Brent Rises After Unsuccessful Talks in Iran
February 19, 2013 2:07 AM EST
Brent crude oil began the week trading steadily below $118 as geopolitical tension and an overall positive sentiment regarding the global economy supported prices. The commodity traded at $117.89 at 8:45 GMT on Monday morning.
Data last week put pressure on Brent prices after eurozone nations posted large drops in GDP, indicating the region still had a long way to go toward recovery.
The US also released worrying figures that showed industrial production had fallen and that the nation's manufacturing sector was stalling. However, most believe the US economy is improving, and that small setbacks like this one are likely to be temporary.
Oil supply seemed to be the largest factor affecting Brent prices at the start of the week as tension in the Middle East continued to underpin prices.
After unsuccessful talks between the West and Iran left the dispute over Tehran's nuclear program unresolved, sanctions designed to cut funding to the program by limiting oil supply remained in place. According to CNBC, negotiations are expected to resume at another round of talks set for February 26th.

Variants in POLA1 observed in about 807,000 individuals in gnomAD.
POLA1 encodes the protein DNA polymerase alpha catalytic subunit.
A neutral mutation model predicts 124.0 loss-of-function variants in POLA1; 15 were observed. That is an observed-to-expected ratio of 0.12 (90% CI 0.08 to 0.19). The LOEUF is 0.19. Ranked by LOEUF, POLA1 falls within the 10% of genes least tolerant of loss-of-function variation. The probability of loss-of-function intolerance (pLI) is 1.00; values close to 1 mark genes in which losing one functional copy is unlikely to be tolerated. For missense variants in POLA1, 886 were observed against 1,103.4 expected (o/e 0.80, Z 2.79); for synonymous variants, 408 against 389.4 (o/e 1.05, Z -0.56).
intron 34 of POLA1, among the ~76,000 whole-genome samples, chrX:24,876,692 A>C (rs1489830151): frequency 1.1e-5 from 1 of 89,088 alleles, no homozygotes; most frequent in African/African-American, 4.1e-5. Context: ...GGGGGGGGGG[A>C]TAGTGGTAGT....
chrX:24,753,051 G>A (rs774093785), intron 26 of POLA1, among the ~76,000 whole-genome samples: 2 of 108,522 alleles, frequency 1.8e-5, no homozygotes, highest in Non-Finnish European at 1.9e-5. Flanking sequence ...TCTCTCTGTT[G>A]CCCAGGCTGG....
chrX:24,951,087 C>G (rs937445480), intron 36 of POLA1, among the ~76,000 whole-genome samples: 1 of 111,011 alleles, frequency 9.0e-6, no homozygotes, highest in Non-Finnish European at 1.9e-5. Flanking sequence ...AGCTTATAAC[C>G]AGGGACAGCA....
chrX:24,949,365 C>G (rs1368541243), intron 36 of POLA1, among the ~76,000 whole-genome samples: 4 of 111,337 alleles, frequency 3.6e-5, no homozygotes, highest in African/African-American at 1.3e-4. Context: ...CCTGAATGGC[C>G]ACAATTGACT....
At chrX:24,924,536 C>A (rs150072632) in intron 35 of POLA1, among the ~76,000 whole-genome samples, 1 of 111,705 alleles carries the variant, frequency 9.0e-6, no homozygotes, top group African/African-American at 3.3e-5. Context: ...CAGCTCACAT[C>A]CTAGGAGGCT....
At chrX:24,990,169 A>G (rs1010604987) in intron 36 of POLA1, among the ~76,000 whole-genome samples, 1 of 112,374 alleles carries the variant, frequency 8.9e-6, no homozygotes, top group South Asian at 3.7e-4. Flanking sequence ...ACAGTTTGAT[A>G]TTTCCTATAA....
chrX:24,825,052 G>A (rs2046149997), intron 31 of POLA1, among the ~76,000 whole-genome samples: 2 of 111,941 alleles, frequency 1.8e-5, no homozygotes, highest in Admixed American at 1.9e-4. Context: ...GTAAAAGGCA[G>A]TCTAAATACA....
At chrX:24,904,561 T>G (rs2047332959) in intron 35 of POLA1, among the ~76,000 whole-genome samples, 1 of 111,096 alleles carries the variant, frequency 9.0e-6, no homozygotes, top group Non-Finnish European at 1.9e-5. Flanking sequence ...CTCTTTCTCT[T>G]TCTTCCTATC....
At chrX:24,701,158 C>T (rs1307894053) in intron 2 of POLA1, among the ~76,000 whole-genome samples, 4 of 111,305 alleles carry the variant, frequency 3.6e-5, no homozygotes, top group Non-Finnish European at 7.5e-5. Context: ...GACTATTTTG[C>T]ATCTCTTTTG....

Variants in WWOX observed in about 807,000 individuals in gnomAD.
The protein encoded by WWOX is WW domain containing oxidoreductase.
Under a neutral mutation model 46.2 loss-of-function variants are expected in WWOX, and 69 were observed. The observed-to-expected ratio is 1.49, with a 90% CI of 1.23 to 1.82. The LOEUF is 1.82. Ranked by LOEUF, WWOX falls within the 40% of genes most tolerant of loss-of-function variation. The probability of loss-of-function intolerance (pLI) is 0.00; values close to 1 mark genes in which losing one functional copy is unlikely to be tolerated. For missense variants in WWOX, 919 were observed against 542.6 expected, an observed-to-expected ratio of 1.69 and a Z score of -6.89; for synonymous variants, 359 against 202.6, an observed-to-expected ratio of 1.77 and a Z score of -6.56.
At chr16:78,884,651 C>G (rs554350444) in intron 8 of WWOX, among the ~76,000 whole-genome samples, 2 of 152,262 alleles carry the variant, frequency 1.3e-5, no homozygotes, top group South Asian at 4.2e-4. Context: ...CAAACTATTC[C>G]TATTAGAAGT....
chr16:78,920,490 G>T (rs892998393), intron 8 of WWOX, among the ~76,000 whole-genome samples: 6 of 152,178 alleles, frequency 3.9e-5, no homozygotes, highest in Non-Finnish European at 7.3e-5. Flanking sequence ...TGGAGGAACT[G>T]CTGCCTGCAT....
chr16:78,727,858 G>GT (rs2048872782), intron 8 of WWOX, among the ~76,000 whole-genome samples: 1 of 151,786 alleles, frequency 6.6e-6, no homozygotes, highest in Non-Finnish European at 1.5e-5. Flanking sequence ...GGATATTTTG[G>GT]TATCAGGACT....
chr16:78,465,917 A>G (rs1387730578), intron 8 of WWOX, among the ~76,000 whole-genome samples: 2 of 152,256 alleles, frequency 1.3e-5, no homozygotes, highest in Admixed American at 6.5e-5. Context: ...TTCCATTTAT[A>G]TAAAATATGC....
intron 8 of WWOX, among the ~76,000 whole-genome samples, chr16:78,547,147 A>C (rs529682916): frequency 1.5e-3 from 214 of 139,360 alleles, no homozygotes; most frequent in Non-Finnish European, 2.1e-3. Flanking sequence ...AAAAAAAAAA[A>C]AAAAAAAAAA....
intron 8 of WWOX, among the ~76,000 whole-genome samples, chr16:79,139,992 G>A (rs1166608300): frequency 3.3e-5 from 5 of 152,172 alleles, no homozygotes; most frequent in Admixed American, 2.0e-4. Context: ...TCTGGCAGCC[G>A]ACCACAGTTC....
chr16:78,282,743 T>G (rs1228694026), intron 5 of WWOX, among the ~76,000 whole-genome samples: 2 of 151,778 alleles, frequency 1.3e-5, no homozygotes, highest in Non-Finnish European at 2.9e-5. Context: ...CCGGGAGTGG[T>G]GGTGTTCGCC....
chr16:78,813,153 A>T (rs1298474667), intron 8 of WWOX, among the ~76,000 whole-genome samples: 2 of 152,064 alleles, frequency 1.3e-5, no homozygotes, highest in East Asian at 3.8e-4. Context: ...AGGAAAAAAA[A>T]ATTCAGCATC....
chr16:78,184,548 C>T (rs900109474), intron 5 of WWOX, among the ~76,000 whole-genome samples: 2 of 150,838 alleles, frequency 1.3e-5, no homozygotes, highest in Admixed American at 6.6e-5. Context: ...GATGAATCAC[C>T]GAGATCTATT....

A decrease in Saudi Arabian crude output also kept Brent prices elevated this week. OPEC supply surveys showed that the nation cut back its production more than expected, and exports fell for the third month in a row in December.
Moving forward, crude demand is expected to increase as optimism within some of the top oil consuming nations pushes prices up. Investors will be watching for US housing data, due out later this week, to find more evidence of recovery.
The outlook in Japan is also improving, after no direct criticism was offered at the G20 summit in regard to the yen's recent weakening. However, nuclear testing in North Korea is threatening to disrupt Asian markets as tension rises over the country's nuclear capabilities.
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